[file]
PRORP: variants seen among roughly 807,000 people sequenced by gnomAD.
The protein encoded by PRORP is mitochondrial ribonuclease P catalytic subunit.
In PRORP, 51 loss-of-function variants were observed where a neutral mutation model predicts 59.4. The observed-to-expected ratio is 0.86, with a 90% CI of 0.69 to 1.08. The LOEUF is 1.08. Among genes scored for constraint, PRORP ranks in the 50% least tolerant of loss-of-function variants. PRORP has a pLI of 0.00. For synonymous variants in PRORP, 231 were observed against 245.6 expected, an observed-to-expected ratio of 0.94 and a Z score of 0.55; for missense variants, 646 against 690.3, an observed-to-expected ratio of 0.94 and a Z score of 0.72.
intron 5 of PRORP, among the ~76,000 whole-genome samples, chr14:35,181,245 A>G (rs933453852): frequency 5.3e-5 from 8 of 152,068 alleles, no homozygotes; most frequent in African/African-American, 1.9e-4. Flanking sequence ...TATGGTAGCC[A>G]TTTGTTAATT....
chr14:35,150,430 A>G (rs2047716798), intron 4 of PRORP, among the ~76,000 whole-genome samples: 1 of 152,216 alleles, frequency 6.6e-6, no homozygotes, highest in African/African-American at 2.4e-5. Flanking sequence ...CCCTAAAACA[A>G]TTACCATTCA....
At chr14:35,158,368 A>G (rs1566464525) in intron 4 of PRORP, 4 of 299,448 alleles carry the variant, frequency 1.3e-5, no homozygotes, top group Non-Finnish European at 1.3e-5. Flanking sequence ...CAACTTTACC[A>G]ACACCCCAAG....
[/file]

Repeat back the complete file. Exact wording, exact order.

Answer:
PRORP: variants seen among roughly 807,000 people sequenced by gnomAD.
The protein encoded by PRORP is mitochondrial ribonuclease P catalytic subunit.
In PRORP, 51 loss-of-function variants were observed where a neutral mutation model predicts 59.4. The observed-to-expected ratio is 0.86, with a 90% CI of 0.69 to 1.08. The LOEUF is 1.08. Among genes scored for constraint, PRORP ranks in the 50% least tolerant of loss-of-function variants. PRORP has a pLI of 0.00. For synonymous variants in PRORP, 231 were observed against 245.6 expected, an observed-to-expected ratio of 0.94 and a Z score of 0.55; for missense variants, 646 against 690.3, an observed-to-expected ratio of 0.94 and a Z score of 0.72.
intron 5 of PRORP, among the ~76,000 whole-genome samples, chr14:35,181,245 A>G (rs933453852): frequency 5.3e-5 from 8 of 152,068 alleles, no homozygotes; most frequent in African/African-American, 1.9e-4. Flanking sequence ...TATGGTAGCC[A>G]TTTGTTAATT....
chr14:35,150,430 A>G (rs2047716798), intron 4 of PRORP, among the ~76,000 whole-genome samples: 1 of 152,216 alleles, frequency 6.6e-6, no homozygotes, highest in African/African-American at 2.4e-5. Flanking sequence ...CCCTAAAACA[A>G]TTACCATTCA....
At chr14:35,158,368 A>G (rs1566464525) in intron 4 of PRORP, 4 of 299,448 alleles carry the variant, frequency 1.3e-5, no homozygotes, top group Non-Finnish European at 1.3e-5. Flanking sequence ...CAACTTTACC[A>G]ACACCCCAAG....